Don't be stupid, it wasn't a disaster. In fact it went exactly as the US government planned it would.

:rolleyes: You want the denial thread.

It's amazing that the US are so capable of masterminding such things yet a leaky oil well confounds everyone.

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Guest sillybear2

If the US subcontractors are at fault why is it all we are hearing from the media is BP this and BP must put right that?

Because the oil belongs to BP, it's their block, if that oil happens to be washing up on shore then it's their job to clear it up.

As for the general attitude towards "British Petroleum" I guess addicts have a wierd psychology with their suppliers, Americans behave like they have a God given entitlement to cheap oil and they don't like being reminded of the negative consequences of that. When filling up a gasguzzler nobody questions why people are drilling 1 mile under the sea for them, it might as well be magicked into existence by a fairy as far as they're concerned.

Edited by sillybear2

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If the US subcontractors are at fault why is it all we are hearing from the media is BP this and BP must put right that?

Didnt your Ford ever have a stuck accelerator?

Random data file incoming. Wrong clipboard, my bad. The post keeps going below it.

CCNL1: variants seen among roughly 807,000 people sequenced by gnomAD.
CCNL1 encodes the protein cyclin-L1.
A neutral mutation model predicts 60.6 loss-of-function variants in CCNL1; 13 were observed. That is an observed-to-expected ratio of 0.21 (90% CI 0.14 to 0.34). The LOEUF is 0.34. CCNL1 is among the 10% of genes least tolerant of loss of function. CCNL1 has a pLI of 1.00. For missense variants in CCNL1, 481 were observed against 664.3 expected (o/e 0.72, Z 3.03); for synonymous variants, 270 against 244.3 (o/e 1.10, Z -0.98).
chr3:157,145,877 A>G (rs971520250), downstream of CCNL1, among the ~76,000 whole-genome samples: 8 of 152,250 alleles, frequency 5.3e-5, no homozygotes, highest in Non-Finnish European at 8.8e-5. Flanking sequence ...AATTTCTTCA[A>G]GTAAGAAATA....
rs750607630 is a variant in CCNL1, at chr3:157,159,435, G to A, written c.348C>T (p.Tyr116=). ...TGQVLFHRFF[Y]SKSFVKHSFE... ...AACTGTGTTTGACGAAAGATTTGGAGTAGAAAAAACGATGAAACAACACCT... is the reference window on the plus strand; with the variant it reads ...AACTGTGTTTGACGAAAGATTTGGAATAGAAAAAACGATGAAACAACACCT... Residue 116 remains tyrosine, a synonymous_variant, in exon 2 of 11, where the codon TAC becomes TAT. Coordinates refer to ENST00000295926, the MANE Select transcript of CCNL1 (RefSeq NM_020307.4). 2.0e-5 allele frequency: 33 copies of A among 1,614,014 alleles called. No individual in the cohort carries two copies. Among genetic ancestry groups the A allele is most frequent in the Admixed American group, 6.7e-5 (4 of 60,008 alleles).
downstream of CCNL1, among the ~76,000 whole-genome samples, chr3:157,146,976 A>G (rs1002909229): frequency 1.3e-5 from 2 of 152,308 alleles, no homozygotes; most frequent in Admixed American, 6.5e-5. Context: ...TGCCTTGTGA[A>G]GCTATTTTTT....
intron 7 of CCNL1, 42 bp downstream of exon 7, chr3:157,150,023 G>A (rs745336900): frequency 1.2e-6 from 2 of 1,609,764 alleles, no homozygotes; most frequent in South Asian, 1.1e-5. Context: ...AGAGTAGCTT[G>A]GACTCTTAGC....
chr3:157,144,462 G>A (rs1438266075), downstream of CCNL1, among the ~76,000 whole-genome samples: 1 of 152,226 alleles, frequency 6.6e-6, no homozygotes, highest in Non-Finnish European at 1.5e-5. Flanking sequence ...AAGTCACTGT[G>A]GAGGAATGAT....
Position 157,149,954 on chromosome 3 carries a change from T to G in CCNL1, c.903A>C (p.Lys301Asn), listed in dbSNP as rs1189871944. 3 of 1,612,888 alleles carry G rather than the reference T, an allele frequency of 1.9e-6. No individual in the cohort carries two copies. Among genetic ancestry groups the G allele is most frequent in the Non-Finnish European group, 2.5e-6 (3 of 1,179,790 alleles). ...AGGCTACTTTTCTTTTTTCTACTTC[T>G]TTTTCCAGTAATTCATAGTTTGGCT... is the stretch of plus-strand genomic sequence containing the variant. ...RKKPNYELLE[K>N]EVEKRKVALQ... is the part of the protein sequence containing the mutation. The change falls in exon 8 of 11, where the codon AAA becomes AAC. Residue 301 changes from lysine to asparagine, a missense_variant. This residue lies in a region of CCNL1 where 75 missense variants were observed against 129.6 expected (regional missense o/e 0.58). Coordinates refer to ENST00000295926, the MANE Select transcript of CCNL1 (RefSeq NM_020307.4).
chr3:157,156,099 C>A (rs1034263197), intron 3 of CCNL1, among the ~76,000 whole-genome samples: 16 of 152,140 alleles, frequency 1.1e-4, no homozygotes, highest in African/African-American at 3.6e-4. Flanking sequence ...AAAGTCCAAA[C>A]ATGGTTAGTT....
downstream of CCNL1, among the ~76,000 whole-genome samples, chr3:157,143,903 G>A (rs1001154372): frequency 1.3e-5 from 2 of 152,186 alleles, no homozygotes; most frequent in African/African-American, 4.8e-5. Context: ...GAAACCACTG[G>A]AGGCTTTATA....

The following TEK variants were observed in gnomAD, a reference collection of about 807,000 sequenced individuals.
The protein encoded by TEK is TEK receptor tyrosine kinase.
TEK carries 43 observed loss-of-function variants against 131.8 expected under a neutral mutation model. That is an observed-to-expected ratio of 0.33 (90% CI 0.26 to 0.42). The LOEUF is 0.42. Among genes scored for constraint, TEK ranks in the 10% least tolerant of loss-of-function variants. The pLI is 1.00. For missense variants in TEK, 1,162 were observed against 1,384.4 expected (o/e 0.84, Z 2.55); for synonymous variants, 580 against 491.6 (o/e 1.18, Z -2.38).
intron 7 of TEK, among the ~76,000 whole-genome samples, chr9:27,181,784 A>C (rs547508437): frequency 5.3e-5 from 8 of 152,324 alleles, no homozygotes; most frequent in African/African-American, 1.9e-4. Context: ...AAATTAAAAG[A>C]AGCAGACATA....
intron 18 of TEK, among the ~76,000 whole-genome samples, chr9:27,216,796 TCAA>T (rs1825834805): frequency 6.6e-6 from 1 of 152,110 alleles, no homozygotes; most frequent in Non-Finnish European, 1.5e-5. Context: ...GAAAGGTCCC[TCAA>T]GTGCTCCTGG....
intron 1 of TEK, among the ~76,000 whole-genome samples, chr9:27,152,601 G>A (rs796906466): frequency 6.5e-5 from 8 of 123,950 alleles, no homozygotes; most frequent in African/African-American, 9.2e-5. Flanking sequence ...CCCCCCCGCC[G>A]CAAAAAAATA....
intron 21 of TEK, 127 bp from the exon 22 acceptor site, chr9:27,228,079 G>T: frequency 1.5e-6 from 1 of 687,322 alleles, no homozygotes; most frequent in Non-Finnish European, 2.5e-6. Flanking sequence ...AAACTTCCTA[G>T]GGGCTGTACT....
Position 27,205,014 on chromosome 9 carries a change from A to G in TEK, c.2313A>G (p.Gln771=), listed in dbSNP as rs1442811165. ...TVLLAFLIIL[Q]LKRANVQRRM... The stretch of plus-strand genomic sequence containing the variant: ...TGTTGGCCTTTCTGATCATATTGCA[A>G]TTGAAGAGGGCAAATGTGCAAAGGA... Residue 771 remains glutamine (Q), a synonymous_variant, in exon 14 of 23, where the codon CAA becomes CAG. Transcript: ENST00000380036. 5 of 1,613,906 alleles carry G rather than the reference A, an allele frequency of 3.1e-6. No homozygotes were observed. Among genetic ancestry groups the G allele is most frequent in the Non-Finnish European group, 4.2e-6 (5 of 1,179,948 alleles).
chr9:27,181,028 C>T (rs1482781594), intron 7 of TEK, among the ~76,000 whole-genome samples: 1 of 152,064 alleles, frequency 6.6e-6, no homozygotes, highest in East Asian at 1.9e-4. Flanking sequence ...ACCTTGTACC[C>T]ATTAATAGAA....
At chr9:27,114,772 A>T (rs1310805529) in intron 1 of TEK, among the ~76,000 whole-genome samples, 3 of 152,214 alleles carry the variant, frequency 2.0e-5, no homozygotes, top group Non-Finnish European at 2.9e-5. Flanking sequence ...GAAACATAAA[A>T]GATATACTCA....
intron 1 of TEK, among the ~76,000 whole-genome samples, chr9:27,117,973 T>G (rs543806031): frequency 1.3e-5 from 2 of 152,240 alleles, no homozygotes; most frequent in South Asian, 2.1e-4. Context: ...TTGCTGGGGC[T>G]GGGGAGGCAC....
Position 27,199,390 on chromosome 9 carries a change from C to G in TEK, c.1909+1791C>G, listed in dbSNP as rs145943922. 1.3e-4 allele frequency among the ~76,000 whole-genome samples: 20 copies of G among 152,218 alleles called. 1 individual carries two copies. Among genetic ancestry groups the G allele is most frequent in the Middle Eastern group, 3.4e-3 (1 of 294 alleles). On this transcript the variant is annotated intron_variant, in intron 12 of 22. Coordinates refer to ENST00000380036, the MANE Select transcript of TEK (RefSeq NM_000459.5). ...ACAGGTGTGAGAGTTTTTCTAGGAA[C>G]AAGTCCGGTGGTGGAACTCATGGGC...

didnt your vauxhall ever have a recall?

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Guest sillybear2

Wait......

...you mean it's not?

:o

Everyone knows all oil is actually synthetic and created by a secret facility in Area 51 after being molecularly formulated by the NSA with assistance of Goldman Sachs, then special stealth submarines are used to inject it deep under the seabed. The constituent parts of the oil are a combination of Mountain Dew and belly button fluff.

Edited by sillybear2

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http://www.nytimes.com/2010/05/27/us/27rig.html?hp

Several days before the explosion on the Deepwater Horizon oil rig, BP officials chose, partly for financial reasons, to use a type of casing for the well that the company knew was the riskier of two options, according to a BP document.